mammals (orders Rodentia, Insectivora, and Lagomorpha), a
key group of hosts for ticks, and per capita numbers of
reported Lyme disease cases, which supports our "dilution
effect" hypothesis.

A positive correlation between per capita Lyme disease cases
and species richness of ground-dwelling birds supported this
hypothesis, which we call the "rescue effect."
Climate, Deer, Rodents, and Acorns as Determinants of Variation
in Lyme-Disease Risk Ostfeld RS, Canham CD, Oggenfuss K,
Winchcombe RJ, Keesing F (2006) Climate, Deer, Rodents, and
Acorns as Determinants of Variation in Lyme-Disease Risk. PLoS Biol
4(6): e145.

Indices of deer abundance had no predictive power,
and precipitation in the current year and temperature in the prior year
had only weak effects on entomological risk. The strongest
predictors of a current year's risk were the prior year's
abundance of mice and chipmunks and abundance of
acorns 2 y previously. In no case did inclusion of deer or climate
variables improve the predictive power of models based on rodents,
acorns, or both. We conclude that interannual variation in
entomological risk of exposure to Lyme disease is
correlated positively with prior abundance of key
hosts for the immature stages of the tick vector and
with critical food resources for those hosts.
System to apply tick control to deer
January 11, 2011 Arkansas Southwest News-Herald

ARS researchers have developed new cattle fever tick control measures
including this one that automatically applies a pesticide-impregnated
neckband to deer ... The Agricultural Research Service (ARS) tackled the
tick problem by developing a device called the 4-Poster Deer
Treatment Bait Station. This is essentially a corn-filled bin with paint
rollers on its four corners. The ARS scientists have since refined
their deer treatment station, creating a new system that
automatically applies a pesticide-impregnated neckband
to wild deer as they feed. The collars can be detached remotely
once they've stopped working.

Gibson Island, Maryland, which is a private, resident-owned community,
purchased 15 of the devices and deployed them around
their community for five years, and achieved at least 77
percent control of the ticks that carry Lyme disease and
human monocytic ehrlichiosis, both serious human health problems.
           The Four Poster System




Some citizens would pay for the right to legally feed the
deer, a possible source of funds for this system
No human injuries were reported from deer culls.
Safety concerns are commonly an important issue.
Lowest cost: -$25; hunters will pay. Deer have been wounded.
  Methods of Deer
 Population Control
Communities Using 41
Lethal Methods*
 Bow Hunting        20
 Sharpshooter or    21
 other gun
*Average $500 per deer
 Some sterilization 3
or contraception
 Some or all        5
relocation.
Kimberly, WY, a
leader
                               Contraception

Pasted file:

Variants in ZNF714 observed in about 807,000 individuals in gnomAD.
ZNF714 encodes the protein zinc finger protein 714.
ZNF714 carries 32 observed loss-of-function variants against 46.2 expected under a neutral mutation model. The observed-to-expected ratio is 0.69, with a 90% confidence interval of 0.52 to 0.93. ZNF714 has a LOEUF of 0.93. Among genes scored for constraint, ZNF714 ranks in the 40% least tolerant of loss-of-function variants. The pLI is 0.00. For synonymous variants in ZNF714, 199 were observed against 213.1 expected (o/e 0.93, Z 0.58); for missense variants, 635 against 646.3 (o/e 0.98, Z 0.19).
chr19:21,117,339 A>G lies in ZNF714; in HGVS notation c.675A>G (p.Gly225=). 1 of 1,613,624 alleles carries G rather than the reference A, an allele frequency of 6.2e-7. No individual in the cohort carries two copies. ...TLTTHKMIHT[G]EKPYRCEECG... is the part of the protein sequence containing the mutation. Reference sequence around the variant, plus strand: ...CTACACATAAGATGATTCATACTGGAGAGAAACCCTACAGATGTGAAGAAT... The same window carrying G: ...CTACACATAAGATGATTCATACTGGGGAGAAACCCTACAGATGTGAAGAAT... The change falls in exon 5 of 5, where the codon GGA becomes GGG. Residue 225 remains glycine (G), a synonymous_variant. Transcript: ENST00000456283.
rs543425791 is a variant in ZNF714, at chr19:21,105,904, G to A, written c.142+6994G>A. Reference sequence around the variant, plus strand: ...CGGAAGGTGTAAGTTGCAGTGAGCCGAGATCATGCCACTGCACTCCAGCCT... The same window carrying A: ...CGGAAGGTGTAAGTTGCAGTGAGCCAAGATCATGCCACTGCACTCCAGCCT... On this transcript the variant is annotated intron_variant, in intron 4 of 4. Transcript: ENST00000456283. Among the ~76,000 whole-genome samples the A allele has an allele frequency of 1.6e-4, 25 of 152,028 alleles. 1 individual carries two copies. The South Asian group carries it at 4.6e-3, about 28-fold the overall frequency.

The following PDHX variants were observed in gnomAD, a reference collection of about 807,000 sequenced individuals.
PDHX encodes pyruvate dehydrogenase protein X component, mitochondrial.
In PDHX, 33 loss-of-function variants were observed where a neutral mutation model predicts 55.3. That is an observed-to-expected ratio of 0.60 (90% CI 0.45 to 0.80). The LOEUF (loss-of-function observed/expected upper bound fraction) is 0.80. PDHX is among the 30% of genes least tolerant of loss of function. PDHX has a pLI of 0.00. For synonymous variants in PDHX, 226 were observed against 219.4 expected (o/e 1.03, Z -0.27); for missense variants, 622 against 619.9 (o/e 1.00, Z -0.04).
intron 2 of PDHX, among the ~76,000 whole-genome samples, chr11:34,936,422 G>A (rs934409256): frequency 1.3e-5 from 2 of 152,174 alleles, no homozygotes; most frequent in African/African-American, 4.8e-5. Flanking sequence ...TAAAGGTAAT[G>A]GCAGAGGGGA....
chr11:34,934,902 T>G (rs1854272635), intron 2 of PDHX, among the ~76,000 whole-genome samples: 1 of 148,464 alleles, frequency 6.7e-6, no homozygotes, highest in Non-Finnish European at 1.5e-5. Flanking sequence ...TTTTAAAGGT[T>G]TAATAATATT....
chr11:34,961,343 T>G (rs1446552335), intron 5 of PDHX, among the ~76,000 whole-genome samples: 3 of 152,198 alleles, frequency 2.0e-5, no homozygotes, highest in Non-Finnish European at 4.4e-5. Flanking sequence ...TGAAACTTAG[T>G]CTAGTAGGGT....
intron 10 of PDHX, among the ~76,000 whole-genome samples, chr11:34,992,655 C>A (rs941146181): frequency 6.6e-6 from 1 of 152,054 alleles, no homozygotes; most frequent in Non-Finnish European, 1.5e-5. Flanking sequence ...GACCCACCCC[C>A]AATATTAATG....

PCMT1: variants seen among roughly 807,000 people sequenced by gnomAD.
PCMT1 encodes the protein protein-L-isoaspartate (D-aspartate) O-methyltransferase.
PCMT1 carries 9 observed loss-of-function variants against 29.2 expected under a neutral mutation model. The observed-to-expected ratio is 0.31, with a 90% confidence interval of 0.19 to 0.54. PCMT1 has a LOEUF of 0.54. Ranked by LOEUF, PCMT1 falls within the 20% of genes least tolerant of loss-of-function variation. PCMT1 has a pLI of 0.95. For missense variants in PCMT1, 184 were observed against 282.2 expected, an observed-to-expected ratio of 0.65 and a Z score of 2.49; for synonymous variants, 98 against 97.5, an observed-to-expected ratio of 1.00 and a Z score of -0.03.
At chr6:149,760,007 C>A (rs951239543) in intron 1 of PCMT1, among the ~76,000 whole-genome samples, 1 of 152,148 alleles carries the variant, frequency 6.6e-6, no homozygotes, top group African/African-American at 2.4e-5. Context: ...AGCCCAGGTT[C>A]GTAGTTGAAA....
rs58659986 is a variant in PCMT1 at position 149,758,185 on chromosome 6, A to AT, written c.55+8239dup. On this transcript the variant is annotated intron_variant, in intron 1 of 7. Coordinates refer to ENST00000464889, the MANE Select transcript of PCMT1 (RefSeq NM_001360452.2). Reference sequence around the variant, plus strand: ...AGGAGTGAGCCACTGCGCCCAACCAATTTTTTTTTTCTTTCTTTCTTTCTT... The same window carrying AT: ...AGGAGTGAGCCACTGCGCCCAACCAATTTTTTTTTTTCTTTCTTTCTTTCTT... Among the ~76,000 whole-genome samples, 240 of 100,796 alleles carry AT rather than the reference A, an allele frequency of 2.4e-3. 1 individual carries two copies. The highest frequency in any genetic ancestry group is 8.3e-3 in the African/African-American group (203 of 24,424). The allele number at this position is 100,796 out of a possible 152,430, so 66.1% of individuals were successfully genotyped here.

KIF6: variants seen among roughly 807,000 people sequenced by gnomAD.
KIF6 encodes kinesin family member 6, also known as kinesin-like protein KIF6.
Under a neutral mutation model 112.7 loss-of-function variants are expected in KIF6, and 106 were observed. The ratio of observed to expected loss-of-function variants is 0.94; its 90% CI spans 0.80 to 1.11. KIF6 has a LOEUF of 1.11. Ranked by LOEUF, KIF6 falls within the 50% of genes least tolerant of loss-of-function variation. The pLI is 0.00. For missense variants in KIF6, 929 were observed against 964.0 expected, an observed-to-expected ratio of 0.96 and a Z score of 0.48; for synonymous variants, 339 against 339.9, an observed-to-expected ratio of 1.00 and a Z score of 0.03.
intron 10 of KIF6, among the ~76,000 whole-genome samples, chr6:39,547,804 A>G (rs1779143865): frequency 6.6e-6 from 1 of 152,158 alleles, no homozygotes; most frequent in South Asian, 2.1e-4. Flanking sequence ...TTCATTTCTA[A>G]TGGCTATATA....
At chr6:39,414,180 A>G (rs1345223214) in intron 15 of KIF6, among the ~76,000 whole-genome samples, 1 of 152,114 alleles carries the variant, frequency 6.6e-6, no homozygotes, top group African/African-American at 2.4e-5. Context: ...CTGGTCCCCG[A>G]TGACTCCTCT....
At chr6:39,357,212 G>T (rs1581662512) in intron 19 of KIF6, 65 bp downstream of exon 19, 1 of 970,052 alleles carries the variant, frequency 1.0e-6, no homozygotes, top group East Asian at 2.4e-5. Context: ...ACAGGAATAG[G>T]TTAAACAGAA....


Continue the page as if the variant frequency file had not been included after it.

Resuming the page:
Products: Gonacon, Spayvac

Researchers working to achieve reduced number of reapplications.

Testimony from Allen Rutbery, professor at Tufts Universities’s Cummings
School of Veterinary Medicine

The vaccine produced noticeable results in each trial, Gutberg said. On Fire
Island, less than 20 percent of does that were treated produced fawns the
                                  a 50 to 60 percent
following year. This trend was accompanied by
decline in the local deer population during an
approximately 10-year span. On Fripp Island, the one-shot vaccine
had produced an 80 to 90 percent drop in fawning rates.

Rutberg said the costs of deer birth control were not inconsiderable. While
remote darting of the deer cost only about $80 in the Fire
Island program, capturing each deer for vaccination and
tagging on Fripp Island cost more than $500.
Officials Work To Spay Deer To Reduce Their
Population « CBS Baltimore
Feb 14, 2011 ... Spaying to control the population of
domesticated animals is being given a try in the wild. Contraceptive
darts have been tried before in Maryland but they must be
administered once a year. A biologist with a doctorate and a
national reputation as a deer sharpshooter, can sterilize five to
seven deer a day vs. shooting 10 to 15 a day.

In July 2007, Cornell University began a five-year,
$500,000 deer management plan that used hunting and
surgical sterilization to reduce the campus herd by 75
percent. Results should be out soon.
If sterilization and contraception cost about twice as
much per deer as lethal methods,
And non-fertile does prevent in migration of new does,
Then sterilization and contraction become cost effect in
just a few years
This approach requires management and planning
Austin, Texas
Decision: Not to Cull,
 Focus on Education




           Thank you
          Texas Parks
          and Wildlife
                              Conclusions
The benefits of culling deer to reduce Lyme disease
appear to be significantly over estimated.
   Diverts resources from a spreading health risk
   Bad public relations for wildlife
   Connecticut goal of 10 deer per square mile not support by research

Larger deer are correlated with more collision damage.
   Efforts to increase deer size for recreational hunters comes at a cost
   to society not taken into consideration

Analysis related to culling often ignores immigration
    Over estimates the benefits of lethal versus non-lethal methods.
    Sterile does will defend local territories, reducing in migration.

Long-term design solutions typically not considered
    fencing ordinances, corridors, clearing vegetation around roads,
    education, which deer should be culled or sterilized
                       “Killing deer is like mowing
                       the grass” - Biologist with
                       an urban deer management
                       company




www.DeerFriendly.com a not for profit